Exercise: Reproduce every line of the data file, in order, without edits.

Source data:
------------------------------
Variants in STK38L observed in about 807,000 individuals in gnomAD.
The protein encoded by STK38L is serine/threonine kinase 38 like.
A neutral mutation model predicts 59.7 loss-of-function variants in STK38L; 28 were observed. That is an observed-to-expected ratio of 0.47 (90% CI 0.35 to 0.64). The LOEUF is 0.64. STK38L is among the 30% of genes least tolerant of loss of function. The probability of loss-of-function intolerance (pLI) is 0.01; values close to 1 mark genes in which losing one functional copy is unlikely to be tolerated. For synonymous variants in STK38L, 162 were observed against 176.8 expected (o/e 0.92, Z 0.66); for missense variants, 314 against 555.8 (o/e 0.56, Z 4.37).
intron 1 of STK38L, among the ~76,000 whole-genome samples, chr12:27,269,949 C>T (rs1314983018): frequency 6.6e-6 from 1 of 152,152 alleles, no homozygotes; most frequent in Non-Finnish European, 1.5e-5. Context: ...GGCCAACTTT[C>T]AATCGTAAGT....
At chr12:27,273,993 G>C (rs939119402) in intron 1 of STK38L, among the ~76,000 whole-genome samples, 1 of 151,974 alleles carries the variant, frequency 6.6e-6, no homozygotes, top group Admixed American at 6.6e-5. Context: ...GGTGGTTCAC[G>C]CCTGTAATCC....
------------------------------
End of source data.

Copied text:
Variants in STK38L observed in about 807,000 individuals in gnomAD.
The protein encoded by STK38L is serine/threonine kinase 38 like.
A neutral mutation model predicts 59.7 loss-of-function variants in STK38L; 28 were observed. That is an observed-to-expected ratio of 0.47 (90% CI 0.35 to 0.64). The LOEUF is 0.64. STK38L is among the 30% of genes least tolerant of loss of function. The probability of loss-of-function intolerance (pLI) is 0.01; values close to 1 mark genes in which losing one functional copy is unlikely to be tolerated. For synonymous variants in STK38L, 162 were observed against 176.8 expected (o/e 0.92, Z 0.66); for missense variants, 314 against 555.8 (o/e 0.56, Z 4.37).
intron 1 of STK38L, among the ~76,000 whole-genome samples, chr12:27,269,949 C>T (rs1314983018): frequency 6.6e-6 from 1 of 152,152 alleles, no homozygotes; most frequent in Non-Finnish European, 1.5e-5. Context: ...GGCCAACTTT[C>T]AATCGTAAGT....
At chr12:27,273,993 G>C (rs939119402) in intron 1 of STK38L, among the ~76,000 whole-genome samples, 1 of 151,974 alleles carries the variant, frequency 6.6e-6, no homozygotes, top group Admixed American at 6.6e-5. Context: ...GGTGGTTCAC[G>C]CCTGTAATCC....